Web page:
How it began
I was diagnosed with stage 2 invasive breast cancer in January 2021; I was 55 at that time. I had no issues or symptoms; I had visited my doctor for my annual mammogram when she saw a tumour in my right breast axillary area. They sent me for an ultrasound followed by a biopsy on the same day.
5 days later my doctor called and shared the news that my biopsy came positive and I had to meet an oncologist as soon as possible. My husband and I were on speaker when my doctor shared the test results with me, and we both were calm even after listening to the life-threatening news.
I could face it without getting panicked because this was my second bout with cancer. In 2015, I was diagnosed with stomach cancer, so this one did not really feel like a shock to me. The radiologists, who did my ultrasound and biopsies, told me that the tumour looked like cancer, so I was prepared for this news. We knew we had to face it and be ready for the treatment.
How I coped up with treatments
I visited my previous oncologist who had helped me with stomach cancer and I knew I was in safe hands. A lot of testing was done throughout February and then I had a port inserted. I started on Chemo on March 10 and it made me super sick as I was triple positive, which meant cancer and treatment – both were very aggressive. I was having daily infusions and I was hospitalised a couple of times just because I became quite ill.
Afterwards, in June I had a double mastectomy with expanders inserted and in July I had got a serious infection in my left expander; I was in and out of the hospital a number of times and I had to have it removed. So I missed some radiation. I was doing Chemo and Radiation simultaneously and it was very tough for me.
What kept me going
Staying positive during my entire treatment gave me strength. My family, my friends, everyone was there to support me, to pray for me and to provide any kind of help I needed, from coming to see me to giving me a ride to my doctor’s clinic, they were always there for me.
Many people don’t like to share their thoughts and feelings with their loved ones. But I liked to talk. They were also concerned about me, so, telling them that I was doing okay, gave them strength.
I kept reminding myself that it is just one storm in life; it will not stay forever. I learnt to enjoy little things like spending time with my family, or watching my grandchild grow, or doing some craft work. My husband and my children (even though they were adults) were my inspiration. My grandchild – watching her was such a relief! I wanted to be their strength, not their weakness.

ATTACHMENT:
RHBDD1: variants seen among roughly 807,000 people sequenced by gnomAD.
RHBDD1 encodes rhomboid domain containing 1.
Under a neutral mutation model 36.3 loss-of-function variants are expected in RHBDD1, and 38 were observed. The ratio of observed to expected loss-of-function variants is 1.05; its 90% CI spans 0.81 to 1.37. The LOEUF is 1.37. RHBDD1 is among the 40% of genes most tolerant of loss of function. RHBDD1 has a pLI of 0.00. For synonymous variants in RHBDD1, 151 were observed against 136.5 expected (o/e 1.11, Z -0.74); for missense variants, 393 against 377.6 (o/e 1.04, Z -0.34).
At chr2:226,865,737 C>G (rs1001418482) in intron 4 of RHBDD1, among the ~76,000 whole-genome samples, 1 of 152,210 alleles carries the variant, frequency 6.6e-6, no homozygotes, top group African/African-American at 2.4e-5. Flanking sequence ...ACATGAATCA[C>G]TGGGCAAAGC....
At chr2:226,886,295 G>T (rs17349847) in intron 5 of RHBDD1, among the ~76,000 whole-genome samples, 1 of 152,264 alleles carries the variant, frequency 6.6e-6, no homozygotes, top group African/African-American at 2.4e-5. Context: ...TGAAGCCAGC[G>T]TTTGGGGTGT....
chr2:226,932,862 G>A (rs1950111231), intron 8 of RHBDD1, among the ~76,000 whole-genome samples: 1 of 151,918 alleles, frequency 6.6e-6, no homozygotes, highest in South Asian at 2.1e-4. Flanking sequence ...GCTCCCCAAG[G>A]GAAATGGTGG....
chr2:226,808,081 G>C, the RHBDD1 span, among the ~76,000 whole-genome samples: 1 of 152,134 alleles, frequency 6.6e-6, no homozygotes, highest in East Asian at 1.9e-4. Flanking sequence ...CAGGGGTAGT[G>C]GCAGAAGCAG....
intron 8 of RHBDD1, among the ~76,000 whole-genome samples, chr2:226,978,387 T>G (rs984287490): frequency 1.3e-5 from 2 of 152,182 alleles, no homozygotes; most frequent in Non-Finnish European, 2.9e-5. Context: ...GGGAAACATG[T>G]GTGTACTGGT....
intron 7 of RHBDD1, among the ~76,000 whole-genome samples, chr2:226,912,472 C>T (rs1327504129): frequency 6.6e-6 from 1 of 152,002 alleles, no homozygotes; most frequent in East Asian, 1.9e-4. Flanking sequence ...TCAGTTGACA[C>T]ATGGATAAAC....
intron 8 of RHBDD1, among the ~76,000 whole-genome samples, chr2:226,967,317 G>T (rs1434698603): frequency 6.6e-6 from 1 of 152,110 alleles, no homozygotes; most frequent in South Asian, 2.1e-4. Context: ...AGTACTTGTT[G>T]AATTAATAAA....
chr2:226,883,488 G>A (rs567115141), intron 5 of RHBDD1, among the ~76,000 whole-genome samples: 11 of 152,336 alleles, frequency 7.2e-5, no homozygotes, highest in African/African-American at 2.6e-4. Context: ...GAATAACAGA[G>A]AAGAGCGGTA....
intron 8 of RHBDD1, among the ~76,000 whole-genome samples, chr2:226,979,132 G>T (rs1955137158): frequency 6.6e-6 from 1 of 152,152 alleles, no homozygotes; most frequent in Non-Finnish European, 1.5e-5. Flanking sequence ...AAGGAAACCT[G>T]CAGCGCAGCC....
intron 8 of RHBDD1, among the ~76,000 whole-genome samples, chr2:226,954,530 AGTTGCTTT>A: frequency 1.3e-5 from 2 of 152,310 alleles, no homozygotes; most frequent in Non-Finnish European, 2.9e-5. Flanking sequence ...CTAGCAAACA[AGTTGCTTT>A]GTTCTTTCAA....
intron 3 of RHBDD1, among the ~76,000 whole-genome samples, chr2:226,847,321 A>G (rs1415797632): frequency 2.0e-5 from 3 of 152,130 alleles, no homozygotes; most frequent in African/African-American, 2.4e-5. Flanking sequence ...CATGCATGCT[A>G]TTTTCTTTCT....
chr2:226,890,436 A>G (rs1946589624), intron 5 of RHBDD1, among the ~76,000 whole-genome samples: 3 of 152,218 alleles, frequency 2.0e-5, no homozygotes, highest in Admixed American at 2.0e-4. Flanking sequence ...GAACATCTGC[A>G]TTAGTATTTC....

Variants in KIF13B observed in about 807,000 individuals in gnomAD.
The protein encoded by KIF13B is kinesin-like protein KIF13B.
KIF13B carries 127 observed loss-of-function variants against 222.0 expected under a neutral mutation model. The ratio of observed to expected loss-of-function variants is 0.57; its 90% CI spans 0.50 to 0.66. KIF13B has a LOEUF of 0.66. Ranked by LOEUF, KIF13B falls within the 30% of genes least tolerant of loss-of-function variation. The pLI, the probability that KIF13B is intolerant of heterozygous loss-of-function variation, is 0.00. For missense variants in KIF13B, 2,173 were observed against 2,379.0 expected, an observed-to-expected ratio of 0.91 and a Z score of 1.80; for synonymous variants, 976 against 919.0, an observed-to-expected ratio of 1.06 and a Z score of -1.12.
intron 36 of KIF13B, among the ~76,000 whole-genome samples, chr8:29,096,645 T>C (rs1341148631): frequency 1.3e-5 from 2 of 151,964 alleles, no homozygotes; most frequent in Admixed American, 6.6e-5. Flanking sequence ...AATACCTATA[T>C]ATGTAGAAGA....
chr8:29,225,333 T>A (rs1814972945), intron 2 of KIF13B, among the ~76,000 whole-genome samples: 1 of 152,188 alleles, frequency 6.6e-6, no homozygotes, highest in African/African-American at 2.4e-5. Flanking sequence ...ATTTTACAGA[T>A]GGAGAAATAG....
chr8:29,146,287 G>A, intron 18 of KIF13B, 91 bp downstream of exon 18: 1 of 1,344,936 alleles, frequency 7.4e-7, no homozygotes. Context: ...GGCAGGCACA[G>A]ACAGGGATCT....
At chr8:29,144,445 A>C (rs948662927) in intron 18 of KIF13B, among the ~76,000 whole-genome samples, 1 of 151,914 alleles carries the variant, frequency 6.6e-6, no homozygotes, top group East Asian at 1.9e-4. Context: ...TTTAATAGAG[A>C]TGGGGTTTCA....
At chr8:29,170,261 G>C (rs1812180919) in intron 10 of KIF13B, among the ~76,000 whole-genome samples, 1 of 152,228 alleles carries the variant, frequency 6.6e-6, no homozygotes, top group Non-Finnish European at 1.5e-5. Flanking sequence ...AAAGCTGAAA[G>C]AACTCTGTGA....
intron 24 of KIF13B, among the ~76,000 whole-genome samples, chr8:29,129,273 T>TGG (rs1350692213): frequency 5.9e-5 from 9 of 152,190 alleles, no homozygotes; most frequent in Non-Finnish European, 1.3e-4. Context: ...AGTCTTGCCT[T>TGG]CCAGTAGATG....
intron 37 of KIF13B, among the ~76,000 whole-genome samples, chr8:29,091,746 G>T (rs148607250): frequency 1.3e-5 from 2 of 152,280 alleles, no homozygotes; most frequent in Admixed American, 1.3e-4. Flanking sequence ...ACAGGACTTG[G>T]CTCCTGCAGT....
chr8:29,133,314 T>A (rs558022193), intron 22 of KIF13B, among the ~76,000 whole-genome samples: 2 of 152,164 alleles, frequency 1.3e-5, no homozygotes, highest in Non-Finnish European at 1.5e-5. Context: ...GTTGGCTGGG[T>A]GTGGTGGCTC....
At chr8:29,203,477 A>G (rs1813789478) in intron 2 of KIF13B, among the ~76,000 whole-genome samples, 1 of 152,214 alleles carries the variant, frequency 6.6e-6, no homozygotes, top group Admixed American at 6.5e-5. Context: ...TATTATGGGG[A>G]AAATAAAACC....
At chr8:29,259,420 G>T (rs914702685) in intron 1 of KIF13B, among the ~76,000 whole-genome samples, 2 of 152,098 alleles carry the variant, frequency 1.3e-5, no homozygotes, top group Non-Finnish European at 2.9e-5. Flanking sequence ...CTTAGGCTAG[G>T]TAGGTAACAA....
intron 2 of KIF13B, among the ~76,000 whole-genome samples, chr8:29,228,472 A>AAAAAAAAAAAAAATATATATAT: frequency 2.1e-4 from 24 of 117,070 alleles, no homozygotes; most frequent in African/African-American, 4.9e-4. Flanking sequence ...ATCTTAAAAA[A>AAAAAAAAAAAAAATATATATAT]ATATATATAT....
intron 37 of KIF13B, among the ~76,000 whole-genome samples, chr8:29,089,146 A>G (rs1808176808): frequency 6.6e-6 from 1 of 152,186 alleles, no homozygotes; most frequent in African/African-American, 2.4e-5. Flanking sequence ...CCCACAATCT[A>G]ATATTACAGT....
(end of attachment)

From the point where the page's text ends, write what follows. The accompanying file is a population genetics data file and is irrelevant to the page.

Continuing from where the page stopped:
Another huge support I received was from my employer. I did not stop working during my treatment and kept getting paid. My work proved to be a healthy distraction for me, else I would be sitting around twiddling my thumbs and wallowing in my treatment or brooding over how bad I felt at that time.
I kept discussing all about my cancer and treatment with my family and friends. Any question they asked, and I didn’t have an answer, I would ask my health care team and get the answers. When my wellwishers couldn’t sit with me and empathise with me during therapies, they sent messages saying that they were praying for me. Those simple messages, that small act of showing love and care, also boosted my strength in this fight.
How Cancer changed my life
It taught me a lot of patience. Before, I was always in a hurry for something or the other, always on my toes. This disease forced me to slow down and take a break. I started realising how important it was to pause for a moment at least. I learnt to enjoy little things, those precious moments in life. I learned that everything will come in time; I just need to do my part.
I stopped drinking alcohol until my doctor permitted me to take one or two shots on special occasions. I started looking at the ingredients in everything I used, even my deodorant. I started opting for more natural products. I had never done anything like this before.
I wouldn’t know about my cancer if I had not visited the doctor for my routine mammograms. So do visit your doctor regularly to get the annual exams done. Keep checking breasts on a regular basis. There are so many ways to do a self exam; the earlier you catch, the more treatable it will be.
I had to slow down because there was no other way to deal with it. So slow down, rest, but do not quit; everything will fall into place in due course.
Stay positive; talk to your family about how you feel; take their help and remember – this is a storm which will be over soon!